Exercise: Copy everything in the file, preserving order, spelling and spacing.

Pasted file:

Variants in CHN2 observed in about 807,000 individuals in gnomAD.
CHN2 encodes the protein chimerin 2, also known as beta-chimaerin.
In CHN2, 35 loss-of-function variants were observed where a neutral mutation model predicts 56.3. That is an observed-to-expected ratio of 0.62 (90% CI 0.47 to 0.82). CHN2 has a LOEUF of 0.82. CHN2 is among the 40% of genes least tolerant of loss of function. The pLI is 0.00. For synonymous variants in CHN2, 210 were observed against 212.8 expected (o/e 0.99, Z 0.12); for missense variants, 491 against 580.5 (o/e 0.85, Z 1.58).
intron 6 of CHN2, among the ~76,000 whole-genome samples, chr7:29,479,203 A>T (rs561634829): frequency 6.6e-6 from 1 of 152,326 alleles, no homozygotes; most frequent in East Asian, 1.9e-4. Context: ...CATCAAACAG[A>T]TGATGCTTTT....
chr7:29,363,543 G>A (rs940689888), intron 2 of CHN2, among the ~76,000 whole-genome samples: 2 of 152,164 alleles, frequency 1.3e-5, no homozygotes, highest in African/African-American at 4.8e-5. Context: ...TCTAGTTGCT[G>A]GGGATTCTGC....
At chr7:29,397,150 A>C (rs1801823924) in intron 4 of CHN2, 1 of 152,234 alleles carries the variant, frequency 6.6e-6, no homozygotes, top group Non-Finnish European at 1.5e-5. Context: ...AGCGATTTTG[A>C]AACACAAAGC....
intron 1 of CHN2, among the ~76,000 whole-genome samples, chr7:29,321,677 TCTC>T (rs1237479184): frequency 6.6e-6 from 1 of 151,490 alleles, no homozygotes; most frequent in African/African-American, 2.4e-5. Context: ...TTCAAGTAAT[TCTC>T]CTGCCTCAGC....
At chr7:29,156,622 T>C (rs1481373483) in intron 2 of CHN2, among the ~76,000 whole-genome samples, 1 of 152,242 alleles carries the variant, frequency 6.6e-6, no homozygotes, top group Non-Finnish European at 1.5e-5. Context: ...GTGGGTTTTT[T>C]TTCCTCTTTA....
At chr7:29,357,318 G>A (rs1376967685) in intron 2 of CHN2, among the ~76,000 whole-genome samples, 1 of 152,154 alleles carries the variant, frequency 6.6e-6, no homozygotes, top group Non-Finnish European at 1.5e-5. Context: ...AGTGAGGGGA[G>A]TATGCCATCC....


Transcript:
Variants in CHN2 observed in about 807,000 individuals in gnomAD.
CHN2 encodes the protein chimerin 2, also known as beta-chimaerin.
In CHN2, 35 loss-of-function variants were observed where a neutral mutation model predicts 56.3. That is an observed-to-expected ratio of 0.62 (90% CI 0.47 to 0.82). CHN2 has a LOEUF of 0.82. CHN2 is among the 40% of genes least tolerant of loss of function. The pLI is 0.00. For synonymous variants in CHN2, 210 were observed against 212.8 expected (o/e 0.99, Z 0.12); for missense variants, 491 against 580.5 (o/e 0.85, Z 1.58).
intron 6 of CHN2, among the ~76,000 whole-genome samples, chr7:29,479,203 A>T (rs561634829): frequency 6.6e-6 from 1 of 152,326 alleles, no homozygotes; most frequent in East Asian, 1.9e-4. Context: ...CATCAAACAG[A>T]TGATGCTTTT....
chr7:29,363,543 G>A (rs940689888), intron 2 of CHN2, among the ~76,000 whole-genome samples: 2 of 152,164 alleles, frequency 1.3e-5, no homozygotes, highest in African/African-American at 4.8e-5. Context: ...TCTAGTTGCT[G>A]GGGATTCTGC....
At chr7:29,397,150 A>C (rs1801823924) in intron 4 of CHN2, 1 of 152,234 alleles carries the variant, frequency 6.6e-6, no homozygotes, top group Non-Finnish European at 1.5e-5. Context: ...AGCGATTTTG[A>C]AACACAAAGC....
intron 1 of CHN2, among the ~76,000 whole-genome samples, chr7:29,321,677 TCTC>T (rs1237479184): frequency 6.6e-6 from 1 of 151,490 alleles, no homozygotes; most frequent in African/African-American, 2.4e-5. Context: ...TTCAAGTAAT[TCTC>T]CTGCCTCAGC....
At chr7:29,156,622 T>C (rs1481373483) in intron 2 of CHN2, among the ~76,000 whole-genome samples, 1 of 152,242 alleles carries the variant, frequency 6.6e-6, no homozygotes, top group Non-Finnish European at 1.5e-5. Context: ...GTGGGTTTTT[T>C]TTCCTCTTTA....
At chr7:29,357,318 G>A (rs1376967685) in intron 2 of CHN2, among the ~76,000 whole-genome samples, 1 of 152,154 alleles carries the variant, frequency 6.6e-6, no homozygotes, top group Non-Finnish European at 1.5e-5. Context: ...AGTGAGGGGA[G>A]TATGCCATCC....